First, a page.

- Slash marks. Also called "virgules," these slash-marks must be used to showline breaks when poetry is quoted in your text (i.e. when it is not indented and reproduced exactly as on the page in your original). Be sure to leave a space on each side of the slash!
- Spacing between sentences. You should hit the space bar twice after a period (or any other punctuation) ending a sentence. This is the convention in all typewritten work.
- Split infinitive. Most people don't even bother to flag these any more, so ommon are they becoming. But elegant usage avoids them, even if there is no good historical basis in the history of grammar for not splitting them. An infinitive is "split" when a word (or more than one) intrudes between the to and the finite form of the verb. The most famous split infinitive of modern times is that howler from StarTrek: "to boldly go where. . . .
- Tenses. When writing about what happens within a literary work, it is the convention to refer to those actions in the present tense throughout your account of them: "Patroclus decides to lead an attack," or "Huck Finn goes off with Jim." And be sure not to mix tenses.
- there for their. Pay attention to what you are writing!
- Title missing. I didn't get more than a few lines into your paper before I noticed that it has no title, for I found myself wondering what on earth you were writing about. You see what a title does? From a vertitable universe of possibilities, it focuses the reader's mind on just one--your subject. Every essay needs a title.
- Titles of papers. You never underline (or italicize) your own title. You neverput your own title in quotation marks. You don't need to boldface it. You capitalize only the first word and all subsequent important words.
- Titles of works. Longer works get italicized (or underlined, if your machine won't do italics); shorter works get put in quotation marks. A longer work is a novel, a play, a long poem; a shorter work is a short story, an essay, or a short poem.
- Transitive v. intransitive verbs. Idiomatically, some verbs in English are only transitive (i.e., must have a direct object), and some are only intransitive (may not take a direct object). And many verbs are either. Any good dictionary will tell you, using "Tristan." and "intr." Here, your verb is only
- try and. This construction is wrong; it should be try to. In other words, try here takes the infinitive, which in English uses to plus the verb.
- unique used comparatively. Strictly speaking -- and logically ? you can't use unique in the comparative ("more unique," "rather unique," "somewhat unique"). It's sort of like being "somewhat pregnant": it's an absolute; a thing is either one-of-a-kind or it's not.
- Vague pronoun referent. Your pronoun here does not seem to refer to any noun. Sometimes the noun is just too far away in the text. In some cases, a ronoun could apparently refer to either of two or more nouns, in which case it is vague and ambiguous.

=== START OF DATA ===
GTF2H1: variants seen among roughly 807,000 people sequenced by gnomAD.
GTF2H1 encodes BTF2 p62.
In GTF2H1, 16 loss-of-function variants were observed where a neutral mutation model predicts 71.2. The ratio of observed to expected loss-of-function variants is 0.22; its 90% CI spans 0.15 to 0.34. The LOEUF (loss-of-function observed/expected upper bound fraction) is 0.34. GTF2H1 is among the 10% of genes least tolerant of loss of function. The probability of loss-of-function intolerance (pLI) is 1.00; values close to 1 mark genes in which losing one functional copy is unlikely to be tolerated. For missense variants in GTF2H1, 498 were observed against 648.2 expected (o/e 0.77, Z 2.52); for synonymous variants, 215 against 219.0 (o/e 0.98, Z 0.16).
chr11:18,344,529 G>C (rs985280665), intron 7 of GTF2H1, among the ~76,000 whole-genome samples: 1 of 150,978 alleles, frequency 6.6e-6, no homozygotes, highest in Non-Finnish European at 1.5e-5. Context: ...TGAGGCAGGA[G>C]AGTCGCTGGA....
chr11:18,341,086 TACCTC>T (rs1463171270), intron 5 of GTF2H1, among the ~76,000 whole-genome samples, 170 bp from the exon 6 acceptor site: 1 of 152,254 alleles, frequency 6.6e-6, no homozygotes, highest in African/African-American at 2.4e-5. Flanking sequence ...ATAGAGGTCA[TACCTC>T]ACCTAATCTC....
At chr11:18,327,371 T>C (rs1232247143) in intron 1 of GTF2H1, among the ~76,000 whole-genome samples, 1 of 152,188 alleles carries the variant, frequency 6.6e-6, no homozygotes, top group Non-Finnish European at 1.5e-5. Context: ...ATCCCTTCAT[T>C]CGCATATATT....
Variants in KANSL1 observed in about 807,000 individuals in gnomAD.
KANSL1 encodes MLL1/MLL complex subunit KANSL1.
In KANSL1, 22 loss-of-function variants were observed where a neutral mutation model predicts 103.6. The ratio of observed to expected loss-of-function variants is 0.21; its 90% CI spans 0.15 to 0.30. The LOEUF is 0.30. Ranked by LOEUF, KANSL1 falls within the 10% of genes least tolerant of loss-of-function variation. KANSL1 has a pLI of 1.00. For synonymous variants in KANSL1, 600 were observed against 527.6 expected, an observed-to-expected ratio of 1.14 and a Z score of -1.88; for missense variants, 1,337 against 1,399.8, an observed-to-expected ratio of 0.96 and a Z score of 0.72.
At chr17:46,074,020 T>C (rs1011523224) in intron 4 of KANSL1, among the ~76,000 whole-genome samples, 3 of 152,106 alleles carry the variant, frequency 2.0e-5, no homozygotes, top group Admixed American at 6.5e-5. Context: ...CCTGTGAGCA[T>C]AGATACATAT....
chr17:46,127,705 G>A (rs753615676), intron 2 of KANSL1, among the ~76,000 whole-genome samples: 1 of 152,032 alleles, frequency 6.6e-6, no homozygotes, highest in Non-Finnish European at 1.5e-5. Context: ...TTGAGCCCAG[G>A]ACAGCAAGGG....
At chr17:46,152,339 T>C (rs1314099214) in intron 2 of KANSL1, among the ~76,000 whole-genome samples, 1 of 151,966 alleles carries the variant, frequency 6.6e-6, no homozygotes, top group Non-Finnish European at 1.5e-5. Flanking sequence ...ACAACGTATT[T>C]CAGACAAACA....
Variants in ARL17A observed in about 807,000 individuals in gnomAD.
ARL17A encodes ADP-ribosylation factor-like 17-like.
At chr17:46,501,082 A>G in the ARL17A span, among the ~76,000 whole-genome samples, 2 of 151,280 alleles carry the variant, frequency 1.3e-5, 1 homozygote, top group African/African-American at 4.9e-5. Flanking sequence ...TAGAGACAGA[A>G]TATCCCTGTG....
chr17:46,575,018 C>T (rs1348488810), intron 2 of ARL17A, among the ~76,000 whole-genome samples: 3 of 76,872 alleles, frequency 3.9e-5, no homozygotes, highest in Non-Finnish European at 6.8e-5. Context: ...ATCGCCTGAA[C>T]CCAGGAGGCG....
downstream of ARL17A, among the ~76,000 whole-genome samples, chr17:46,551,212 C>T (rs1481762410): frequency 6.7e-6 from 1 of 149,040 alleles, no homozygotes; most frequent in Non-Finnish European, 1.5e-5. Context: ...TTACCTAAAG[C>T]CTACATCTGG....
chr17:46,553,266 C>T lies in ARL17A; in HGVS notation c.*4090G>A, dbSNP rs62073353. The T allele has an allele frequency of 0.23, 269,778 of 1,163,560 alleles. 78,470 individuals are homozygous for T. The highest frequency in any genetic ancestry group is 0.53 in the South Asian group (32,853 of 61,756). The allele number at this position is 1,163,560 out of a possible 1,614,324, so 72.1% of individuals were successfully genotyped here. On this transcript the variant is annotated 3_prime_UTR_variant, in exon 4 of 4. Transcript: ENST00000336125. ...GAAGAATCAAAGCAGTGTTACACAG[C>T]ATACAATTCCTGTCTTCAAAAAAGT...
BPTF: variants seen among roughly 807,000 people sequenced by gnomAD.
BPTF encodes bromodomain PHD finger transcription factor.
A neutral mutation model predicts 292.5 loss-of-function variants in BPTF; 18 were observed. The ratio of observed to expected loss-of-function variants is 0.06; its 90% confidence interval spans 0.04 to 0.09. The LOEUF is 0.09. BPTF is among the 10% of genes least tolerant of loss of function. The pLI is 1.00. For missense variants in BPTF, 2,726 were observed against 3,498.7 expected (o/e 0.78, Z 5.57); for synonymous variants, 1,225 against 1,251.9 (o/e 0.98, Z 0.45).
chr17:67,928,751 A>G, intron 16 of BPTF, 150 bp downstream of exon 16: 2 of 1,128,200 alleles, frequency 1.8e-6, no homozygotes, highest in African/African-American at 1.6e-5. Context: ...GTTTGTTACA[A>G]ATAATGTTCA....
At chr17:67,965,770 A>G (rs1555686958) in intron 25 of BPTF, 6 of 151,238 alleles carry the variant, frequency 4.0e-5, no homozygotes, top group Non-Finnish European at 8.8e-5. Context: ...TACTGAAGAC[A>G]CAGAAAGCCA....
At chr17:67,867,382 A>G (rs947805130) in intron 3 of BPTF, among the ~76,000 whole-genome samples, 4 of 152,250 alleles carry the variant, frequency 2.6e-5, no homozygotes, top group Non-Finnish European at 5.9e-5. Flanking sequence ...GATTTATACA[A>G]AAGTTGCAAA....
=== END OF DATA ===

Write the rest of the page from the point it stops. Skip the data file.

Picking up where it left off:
- were. In the present tense of the subjunctive mood--used to talk about conditions contrary to fact or hypothetical--you need were, not was, which is in the indicative mood: "If I were going to Timbuktu . . . ," not "If I was going. . . ."
- which / that. There's a difference between these two relative pronouns (they are not interchangeable). Basically, that is for starting a restrictive relative clause, and which for a non-restrictive one. And what does that mean? Consider these two sentences:
"I gave peanuts to the monkeys that were sitting on the bench."
In the first sentence the clause starting with that actually restricts the universe of monkeys that received peanuts -- that is, to only those that were, in fact, sitting on the bench (not the other monkeys, many of whom were hanging from trees). The second sentence's which-clause (notice it is separated from the main clause by a comma), does not restrict the meaning of monkeys; it just says that those receiving peanuts from you happened to be sitting on the bench.
"I gave peanuts to the monkeys, which were sitting on the bench."
- whose and who's. Don't confuse these. One's a relative adjective, the other a contraction.
- woman / women. The first is singular, the second plural. Don't confuse. Cf. man / men.
To be successful in your life's work, whatever that will be, you will need to write well. Conversely, writing poorly -- making a lot of grammatical and mechanical errors, spelling or punctuation mistakes can unfortunately give the impression, however erroneous, of a second-rate mind. If you want to improve your writing skills, and it is clearly in your best interest to do so, now is the time to do it: you are not likely to get this kind of close attention to your style and presentation ever again. In effect, this is your last dress rehearsal.
We in the English Department believe that writing well is extremely important. To a person, and to their credit, faculty in other departments of this university think so as well, but they don't always feel that it's their responsibility to teach writing skills along with the subject matter of their courses. Thus, you are only likely to get an ongoing critique of your writing in English courses like this one. You should regard this as a valuable service, as it were, an essential part of the training you are getting here for whatever career you choose after college. Out there, in the world of work, standards are high for those with ambitions to be really successful; the ability to write well can and will set you apart from the herd.